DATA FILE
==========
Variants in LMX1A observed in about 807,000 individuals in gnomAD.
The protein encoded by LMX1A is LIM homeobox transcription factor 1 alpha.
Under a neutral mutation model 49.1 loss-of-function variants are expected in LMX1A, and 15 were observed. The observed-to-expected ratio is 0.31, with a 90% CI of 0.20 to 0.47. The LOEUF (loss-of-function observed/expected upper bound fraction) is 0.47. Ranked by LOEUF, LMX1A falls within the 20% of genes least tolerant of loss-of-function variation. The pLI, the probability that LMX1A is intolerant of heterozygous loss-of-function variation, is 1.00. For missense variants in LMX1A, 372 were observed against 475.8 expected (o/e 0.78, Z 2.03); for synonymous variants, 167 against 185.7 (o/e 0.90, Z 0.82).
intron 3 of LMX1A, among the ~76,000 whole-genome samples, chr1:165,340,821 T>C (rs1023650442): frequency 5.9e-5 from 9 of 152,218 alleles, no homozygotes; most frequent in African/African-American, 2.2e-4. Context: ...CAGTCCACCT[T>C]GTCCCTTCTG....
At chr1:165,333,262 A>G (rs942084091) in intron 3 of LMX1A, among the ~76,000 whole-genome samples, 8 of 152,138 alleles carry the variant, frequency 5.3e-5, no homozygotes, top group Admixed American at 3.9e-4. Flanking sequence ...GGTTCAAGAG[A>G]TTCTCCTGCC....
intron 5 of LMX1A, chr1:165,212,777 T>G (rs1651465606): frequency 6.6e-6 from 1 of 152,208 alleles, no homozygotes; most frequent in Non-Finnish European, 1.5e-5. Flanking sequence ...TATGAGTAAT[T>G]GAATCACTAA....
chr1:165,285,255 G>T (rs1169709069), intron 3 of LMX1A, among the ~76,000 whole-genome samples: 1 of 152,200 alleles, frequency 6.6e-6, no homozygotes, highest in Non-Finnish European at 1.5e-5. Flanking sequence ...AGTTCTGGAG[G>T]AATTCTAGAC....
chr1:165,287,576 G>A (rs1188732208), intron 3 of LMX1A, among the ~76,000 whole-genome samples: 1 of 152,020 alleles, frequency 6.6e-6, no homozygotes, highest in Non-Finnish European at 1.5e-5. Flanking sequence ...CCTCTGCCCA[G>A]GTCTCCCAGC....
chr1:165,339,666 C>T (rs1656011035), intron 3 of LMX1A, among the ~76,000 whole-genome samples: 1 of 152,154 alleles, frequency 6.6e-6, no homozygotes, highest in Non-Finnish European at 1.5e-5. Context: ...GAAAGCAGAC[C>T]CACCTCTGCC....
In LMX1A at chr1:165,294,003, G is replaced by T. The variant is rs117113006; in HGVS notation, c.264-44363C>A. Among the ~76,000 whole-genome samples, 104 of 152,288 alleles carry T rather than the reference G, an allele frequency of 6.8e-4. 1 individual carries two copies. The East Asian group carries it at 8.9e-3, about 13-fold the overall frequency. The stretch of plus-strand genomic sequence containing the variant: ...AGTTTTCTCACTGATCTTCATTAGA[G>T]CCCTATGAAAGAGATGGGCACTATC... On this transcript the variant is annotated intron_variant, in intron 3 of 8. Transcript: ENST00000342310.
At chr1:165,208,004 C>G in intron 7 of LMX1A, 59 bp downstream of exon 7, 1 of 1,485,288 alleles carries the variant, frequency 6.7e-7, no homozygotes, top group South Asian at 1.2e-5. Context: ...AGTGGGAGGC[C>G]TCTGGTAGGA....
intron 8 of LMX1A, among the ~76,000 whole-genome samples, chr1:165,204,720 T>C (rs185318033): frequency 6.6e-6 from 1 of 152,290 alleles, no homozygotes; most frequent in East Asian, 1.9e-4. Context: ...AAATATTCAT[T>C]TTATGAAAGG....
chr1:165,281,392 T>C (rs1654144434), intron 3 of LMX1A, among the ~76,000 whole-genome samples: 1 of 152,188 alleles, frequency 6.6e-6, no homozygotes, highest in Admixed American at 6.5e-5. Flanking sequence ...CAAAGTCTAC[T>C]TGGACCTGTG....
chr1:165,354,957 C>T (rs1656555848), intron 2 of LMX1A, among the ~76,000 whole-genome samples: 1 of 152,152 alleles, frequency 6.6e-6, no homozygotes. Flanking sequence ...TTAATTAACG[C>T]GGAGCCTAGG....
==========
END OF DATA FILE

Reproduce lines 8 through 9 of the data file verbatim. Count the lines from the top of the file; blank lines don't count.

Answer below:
chr1:165,287,576 G>A (rs1188732208), intron 3 of LMX1A, among the ~76,000 whole-genome samples: 1 of 152,020 alleles, frequency 6.6e-6, no homozygotes, highest in Non-Finnish European at 1.5e-5. Flanking sequence ...CCTCTGCCCA[G>A]GTCTCCCAGC....
chr1:165,339,666 C>T (rs1656011035), intron 3 of LMX1A, among the ~76,000 whole-genome samples: 1 of 152,154 alleles, frequency 6.6e-6, no homozygotes, highest in Non-Finnish European at 1.5e-5. Context: ...GAAAGCAGAC[C>T]CACCTCTGCC....